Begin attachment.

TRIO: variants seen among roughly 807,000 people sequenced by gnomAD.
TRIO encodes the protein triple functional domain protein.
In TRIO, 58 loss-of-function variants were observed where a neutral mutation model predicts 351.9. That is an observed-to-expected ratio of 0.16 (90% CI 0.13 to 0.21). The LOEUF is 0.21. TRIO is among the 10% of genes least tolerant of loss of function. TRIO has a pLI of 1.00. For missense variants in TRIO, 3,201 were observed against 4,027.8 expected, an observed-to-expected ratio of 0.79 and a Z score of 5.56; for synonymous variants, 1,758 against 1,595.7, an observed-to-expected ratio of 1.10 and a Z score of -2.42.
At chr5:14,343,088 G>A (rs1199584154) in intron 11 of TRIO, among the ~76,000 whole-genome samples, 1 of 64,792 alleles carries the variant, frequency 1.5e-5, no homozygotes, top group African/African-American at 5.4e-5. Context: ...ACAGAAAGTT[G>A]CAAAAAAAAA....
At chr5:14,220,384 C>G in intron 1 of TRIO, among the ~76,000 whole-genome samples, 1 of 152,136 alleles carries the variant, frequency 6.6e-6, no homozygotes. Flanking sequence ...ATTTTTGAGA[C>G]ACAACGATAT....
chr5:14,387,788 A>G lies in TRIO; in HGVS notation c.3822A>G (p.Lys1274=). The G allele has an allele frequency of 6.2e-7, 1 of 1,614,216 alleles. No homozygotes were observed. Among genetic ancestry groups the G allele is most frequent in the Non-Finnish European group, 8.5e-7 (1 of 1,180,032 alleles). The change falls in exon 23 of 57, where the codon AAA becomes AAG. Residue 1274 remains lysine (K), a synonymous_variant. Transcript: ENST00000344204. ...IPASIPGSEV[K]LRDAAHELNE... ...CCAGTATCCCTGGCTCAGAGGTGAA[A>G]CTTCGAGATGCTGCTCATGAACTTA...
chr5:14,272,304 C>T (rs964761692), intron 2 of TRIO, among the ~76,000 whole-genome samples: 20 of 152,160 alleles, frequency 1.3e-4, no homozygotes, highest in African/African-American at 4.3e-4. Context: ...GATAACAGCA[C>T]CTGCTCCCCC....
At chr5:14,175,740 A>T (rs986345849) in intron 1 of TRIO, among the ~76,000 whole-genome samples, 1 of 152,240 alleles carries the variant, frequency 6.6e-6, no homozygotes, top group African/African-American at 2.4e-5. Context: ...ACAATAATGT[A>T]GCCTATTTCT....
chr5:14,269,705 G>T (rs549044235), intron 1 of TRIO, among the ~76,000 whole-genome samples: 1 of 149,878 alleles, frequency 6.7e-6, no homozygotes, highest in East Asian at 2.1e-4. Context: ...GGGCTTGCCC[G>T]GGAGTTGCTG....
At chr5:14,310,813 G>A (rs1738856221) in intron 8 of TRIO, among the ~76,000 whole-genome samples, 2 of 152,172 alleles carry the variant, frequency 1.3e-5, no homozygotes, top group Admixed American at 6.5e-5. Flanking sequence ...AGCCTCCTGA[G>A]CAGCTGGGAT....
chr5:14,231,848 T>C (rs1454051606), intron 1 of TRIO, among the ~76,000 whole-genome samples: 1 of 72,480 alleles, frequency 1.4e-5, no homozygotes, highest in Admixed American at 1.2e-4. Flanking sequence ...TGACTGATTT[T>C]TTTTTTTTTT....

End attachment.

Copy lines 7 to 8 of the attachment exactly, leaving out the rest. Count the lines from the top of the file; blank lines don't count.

chr5:14,272,304 C>T (rs964761692), intron 2 of TRIO, among the ~76,000 whole-genome samples: 20 of 152,160 alleles, frequency 1.3e-4, no homozygotes, highest in African/African-American at 4.3e-4. Context: ...GATAACAGCA[C>T]CTGCTCCCCC....
At chr5:14,175,740 A>T (rs986345849) in intron 1 of TRIO, among the ~76,000 whole-genome samples, 1 of 152,240 alleles carries the variant, frequency 6.6e-6, no homozygotes, top group African/African-American at 2.4e-5. Context: ...ACAATAATGT[A>T]GCCTATTTCT....